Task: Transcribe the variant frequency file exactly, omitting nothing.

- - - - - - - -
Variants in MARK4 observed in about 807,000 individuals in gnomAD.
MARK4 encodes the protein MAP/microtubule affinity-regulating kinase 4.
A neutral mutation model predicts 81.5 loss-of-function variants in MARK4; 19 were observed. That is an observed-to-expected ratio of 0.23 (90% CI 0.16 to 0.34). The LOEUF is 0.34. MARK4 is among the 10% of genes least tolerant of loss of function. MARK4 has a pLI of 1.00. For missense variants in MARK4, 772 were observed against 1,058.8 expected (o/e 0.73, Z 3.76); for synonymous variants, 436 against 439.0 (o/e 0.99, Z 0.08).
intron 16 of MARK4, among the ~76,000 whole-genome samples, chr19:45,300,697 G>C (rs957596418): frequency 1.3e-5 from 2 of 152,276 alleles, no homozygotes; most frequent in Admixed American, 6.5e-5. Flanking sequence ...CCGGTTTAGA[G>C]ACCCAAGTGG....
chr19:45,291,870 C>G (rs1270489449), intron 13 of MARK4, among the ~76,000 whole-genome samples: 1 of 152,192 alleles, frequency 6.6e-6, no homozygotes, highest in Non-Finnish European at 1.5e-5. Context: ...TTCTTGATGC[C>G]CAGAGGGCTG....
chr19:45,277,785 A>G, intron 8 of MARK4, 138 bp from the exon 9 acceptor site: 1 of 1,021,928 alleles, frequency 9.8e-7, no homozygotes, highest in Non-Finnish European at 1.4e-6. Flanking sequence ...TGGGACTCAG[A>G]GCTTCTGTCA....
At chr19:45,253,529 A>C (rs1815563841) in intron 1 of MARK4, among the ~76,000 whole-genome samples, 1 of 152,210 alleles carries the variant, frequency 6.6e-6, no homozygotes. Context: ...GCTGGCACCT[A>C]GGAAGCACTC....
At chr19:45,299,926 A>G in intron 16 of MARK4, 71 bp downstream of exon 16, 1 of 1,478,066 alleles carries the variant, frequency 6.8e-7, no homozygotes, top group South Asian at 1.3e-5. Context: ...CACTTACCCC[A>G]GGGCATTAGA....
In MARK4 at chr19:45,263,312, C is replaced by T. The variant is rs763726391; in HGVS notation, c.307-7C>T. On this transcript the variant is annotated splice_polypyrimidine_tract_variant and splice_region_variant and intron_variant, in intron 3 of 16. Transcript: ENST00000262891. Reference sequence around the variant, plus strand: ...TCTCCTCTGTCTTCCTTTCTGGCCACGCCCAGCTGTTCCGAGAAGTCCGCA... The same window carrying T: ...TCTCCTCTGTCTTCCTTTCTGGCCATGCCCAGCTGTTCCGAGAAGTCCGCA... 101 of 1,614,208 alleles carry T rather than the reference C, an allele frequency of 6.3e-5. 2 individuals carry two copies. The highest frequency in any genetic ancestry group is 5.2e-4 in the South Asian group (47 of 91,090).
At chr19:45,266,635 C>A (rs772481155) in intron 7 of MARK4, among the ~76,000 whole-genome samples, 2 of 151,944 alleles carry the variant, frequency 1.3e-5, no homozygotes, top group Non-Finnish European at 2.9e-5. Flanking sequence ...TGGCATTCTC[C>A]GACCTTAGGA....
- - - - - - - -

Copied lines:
Variants in MARK4 observed in about 807,000 individuals in gnomAD.
MARK4 encodes the protein MAP/microtubule affinity-regulating kinase 4.
A neutral mutation model predicts 81.5 loss-of-function variants in MARK4; 19 were observed. That is an observed-to-expected ratio of 0.23 (90% CI 0.16 to 0.34). The LOEUF is 0.34. MARK4 is among the 10% of genes least tolerant of loss of function. MARK4 has a pLI of 1.00. For missense variants in MARK4, 772 were observed against 1,058.8 expected (o/e 0.73, Z 3.76); for synonymous variants, 436 against 439.0 (o/e 0.99, Z 0.08).
intron 16 of MARK4, among the ~76,000 whole-genome samples, chr19:45,300,697 G>C (rs957596418): frequency 1.3e-5 from 2 of 152,276 alleles, no homozygotes; most frequent in Admixed American, 6.5e-5. Flanking sequence ...CCGGTTTAGA[G>C]ACCCAAGTGG....
chr19:45,291,870 C>G (rs1270489449), intron 13 of MARK4, among the ~76,000 whole-genome samples: 1 of 152,192 alleles, frequency 6.6e-6, no homozygotes, highest in Non-Finnish European at 1.5e-5. Context: ...TTCTTGATGC[C>G]CAGAGGGCTG....
chr19:45,277,785 A>G, intron 8 of MARK4, 138 bp from the exon 9 acceptor site: 1 of 1,021,928 alleles, frequency 9.8e-7, no homozygotes, highest in Non-Finnish European at 1.4e-6. Flanking sequence ...TGGGACTCAG[A>G]GCTTCTGTCA....
At chr19:45,253,529 A>C (rs1815563841) in intron 1 of MARK4, among the ~76,000 whole-genome samples, 1 of 152,210 alleles carries the variant, frequency 6.6e-6, no homozygotes. Context: ...GCTGGCACCT[A>C]GGAAGCACTC....
At chr19:45,299,926 A>G in intron 16 of MARK4, 71 bp downstream of exon 16, 1 of 1,478,066 alleles carries the variant, frequency 6.8e-7, no homozygotes, top group South Asian at 1.3e-5. Context: ...CACTTACCCC[A>G]GGGCATTAGA....
In MARK4 at chr19:45,263,312, C is replaced by T. The variant is rs763726391; in HGVS notation, c.307-7C>T. On this transcript the variant is annotated splice_polypyrimidine_tract_variant and splice_region_variant and intron_variant, in intron 3 of 16. Transcript: ENST00000262891. Reference sequence around the variant, plus strand: ...TCTCCTCTGTCTTCCTTTCTGGCCACGCCCAGCTGTTCCGAGAAGTCCGCA... The same window carrying T: ...TCTCCTCTGTCTTCCTTTCTGGCCATGCCCAGCTGTTCCGAGAAGTCCGCA... 101 of 1,614,208 alleles carry T rather than the reference C, an allele frequency of 6.3e-5. 2 individuals carry two copies. The highest frequency in any genetic ancestry group is 5.2e-4 in the South Asian group (47 of 91,090).
At chr19:45,266,635 C>A (rs772481155) in intron 7 of MARK4, among the ~76,000 whole-genome samples, 2 of 151,944 alleles carry the variant, frequency 1.3e-5, no homozygotes, top group Non-Finnish European at 2.9e-5. Flanking sequence ...TGGCATTCTC[C>A]GACCTTAGGA....